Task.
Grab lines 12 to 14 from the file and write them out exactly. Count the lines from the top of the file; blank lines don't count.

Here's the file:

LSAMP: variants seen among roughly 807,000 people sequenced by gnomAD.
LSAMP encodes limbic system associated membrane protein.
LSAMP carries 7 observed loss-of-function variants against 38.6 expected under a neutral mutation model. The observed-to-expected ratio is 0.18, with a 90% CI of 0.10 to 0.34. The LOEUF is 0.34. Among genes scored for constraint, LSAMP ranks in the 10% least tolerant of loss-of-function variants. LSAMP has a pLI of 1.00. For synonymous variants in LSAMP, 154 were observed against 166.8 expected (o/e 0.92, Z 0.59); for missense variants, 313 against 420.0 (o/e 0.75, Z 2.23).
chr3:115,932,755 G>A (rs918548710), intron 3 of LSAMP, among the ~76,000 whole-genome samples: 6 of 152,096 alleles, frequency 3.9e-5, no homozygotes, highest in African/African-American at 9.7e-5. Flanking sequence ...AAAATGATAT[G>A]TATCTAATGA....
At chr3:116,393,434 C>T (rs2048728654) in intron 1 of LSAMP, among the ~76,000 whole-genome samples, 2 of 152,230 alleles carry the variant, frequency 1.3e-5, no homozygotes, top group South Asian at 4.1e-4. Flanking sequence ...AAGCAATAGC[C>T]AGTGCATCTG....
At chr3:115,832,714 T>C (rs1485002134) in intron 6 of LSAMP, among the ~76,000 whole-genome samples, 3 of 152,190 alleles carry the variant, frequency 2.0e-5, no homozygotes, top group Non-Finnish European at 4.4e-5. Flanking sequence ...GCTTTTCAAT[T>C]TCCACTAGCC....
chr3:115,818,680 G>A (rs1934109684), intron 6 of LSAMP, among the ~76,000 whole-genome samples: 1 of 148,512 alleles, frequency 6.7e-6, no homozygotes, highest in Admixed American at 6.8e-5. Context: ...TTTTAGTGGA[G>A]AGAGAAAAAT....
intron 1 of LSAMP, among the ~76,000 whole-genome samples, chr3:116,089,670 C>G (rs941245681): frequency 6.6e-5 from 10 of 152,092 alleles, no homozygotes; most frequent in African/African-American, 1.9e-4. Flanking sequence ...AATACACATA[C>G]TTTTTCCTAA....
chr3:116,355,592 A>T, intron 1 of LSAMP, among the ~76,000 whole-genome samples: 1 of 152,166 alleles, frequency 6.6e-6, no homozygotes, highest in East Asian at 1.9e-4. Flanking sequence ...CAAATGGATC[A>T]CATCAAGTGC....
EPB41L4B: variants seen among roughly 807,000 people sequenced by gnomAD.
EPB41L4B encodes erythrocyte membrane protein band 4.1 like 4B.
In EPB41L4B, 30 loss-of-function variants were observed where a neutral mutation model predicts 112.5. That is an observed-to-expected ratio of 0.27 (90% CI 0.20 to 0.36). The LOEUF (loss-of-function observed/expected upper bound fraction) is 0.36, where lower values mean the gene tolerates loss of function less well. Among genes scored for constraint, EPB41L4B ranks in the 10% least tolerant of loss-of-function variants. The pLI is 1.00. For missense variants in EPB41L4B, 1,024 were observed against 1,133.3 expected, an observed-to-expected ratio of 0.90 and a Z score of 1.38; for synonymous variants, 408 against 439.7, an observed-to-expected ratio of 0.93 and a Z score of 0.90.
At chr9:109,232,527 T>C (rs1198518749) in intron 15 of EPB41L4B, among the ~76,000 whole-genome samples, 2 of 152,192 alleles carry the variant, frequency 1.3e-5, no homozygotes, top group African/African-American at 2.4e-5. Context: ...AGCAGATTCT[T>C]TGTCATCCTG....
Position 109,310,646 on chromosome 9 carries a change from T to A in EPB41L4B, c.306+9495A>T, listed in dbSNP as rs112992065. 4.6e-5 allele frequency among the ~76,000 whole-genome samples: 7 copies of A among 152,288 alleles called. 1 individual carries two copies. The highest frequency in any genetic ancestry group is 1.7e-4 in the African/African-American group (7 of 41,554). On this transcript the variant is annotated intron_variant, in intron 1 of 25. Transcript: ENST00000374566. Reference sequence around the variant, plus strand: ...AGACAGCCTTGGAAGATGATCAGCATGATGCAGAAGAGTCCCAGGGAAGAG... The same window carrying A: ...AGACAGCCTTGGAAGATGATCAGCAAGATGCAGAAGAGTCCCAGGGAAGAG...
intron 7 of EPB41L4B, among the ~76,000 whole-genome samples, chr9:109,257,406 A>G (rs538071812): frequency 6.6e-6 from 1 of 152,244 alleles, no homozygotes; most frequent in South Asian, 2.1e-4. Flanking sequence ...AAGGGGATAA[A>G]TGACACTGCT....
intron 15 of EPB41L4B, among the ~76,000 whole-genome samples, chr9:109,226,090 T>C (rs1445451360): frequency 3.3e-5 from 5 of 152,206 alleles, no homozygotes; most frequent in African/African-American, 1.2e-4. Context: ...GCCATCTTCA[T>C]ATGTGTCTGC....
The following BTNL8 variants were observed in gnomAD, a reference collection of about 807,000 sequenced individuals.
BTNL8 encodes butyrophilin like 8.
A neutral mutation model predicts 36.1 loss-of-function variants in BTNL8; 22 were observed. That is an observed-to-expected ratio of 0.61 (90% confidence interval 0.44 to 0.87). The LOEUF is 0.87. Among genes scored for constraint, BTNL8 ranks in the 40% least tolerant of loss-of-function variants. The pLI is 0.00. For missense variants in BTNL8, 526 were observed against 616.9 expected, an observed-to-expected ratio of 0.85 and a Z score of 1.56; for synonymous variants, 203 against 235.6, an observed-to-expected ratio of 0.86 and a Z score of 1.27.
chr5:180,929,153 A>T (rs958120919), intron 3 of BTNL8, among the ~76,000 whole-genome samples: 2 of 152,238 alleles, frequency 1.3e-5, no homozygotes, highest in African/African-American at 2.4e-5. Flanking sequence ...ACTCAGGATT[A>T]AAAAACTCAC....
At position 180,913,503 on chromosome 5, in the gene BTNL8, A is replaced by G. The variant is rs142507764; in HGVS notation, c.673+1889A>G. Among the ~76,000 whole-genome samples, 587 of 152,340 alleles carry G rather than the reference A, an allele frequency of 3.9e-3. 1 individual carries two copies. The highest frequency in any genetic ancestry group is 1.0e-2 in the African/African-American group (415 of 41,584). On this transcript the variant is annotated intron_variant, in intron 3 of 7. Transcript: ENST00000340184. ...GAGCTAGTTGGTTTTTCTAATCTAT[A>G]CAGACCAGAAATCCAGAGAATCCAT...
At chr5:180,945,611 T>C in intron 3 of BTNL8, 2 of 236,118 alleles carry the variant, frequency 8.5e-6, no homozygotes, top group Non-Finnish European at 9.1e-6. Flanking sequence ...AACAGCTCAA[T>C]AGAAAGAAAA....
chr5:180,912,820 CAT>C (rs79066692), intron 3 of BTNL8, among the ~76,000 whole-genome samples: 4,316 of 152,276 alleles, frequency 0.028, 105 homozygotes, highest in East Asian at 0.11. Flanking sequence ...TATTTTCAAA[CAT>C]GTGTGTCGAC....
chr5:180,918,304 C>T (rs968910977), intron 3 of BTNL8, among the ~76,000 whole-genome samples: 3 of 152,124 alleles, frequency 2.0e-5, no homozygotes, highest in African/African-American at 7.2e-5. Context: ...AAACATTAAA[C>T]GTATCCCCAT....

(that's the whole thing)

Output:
In EPB41L4B, 30 loss-of-function variants were observed where a neutral mutation model predicts 112.5. That is an observed-to-expected ratio of 0.27 (90% CI 0.20 to 0.36). The LOEUF (loss-of-function observed/expected upper bound fraction) is 0.36, where lower values mean the gene tolerates loss of function less well. Among genes scored for constraint, EPB41L4B ranks in the 10% least tolerant of loss-of-function variants. The pLI is 1.00. For missense variants in EPB41L4B, 1,024 were observed against 1,133.3 expected, an observed-to-expected ratio of 0.90 and a Z score of 1.38; for synonymous variants, 408 against 439.7, an observed-to-expected ratio of 0.93 and a Z score of 0.90.
At chr9:109,232,527 T>C (rs1198518749) in intron 15 of EPB41L4B, among the ~76,000 whole-genome samples, 2 of 152,192 alleles carry the variant, frequency 1.3e-5, no homozygotes, top group African/African-American at 2.4e-5. Context: ...AGCAGATTCT[T>C]TGTCATCCTG....
Position 109,310,646 on chromosome 9 carries a change from T to A in EPB41L4B, c.306+9495A>T, listed in dbSNP as rs112992065. 4.6e-5 allele frequency among the ~76,000 whole-genome samples: 7 copies of A among 152,288 alleles called. 1 individual carries two copies. The highest frequency in any genetic ancestry group is 1.7e-4 in the African/African-American group (7 of 41,554). On this transcript the variant is annotated intron_variant, in intron 1 of 25. Transcript: ENST00000374566. Reference sequence around the variant, plus strand: ...AGACAGCCTTGGAAGATGATCAGCATGATGCAGAAGAGTCCCAGGGAAGAG... The same window carrying A: ...AGACAGCCTTGGAAGATGATCAGCAAGATGCAGAAGAGTCCCAGGGAAGAG...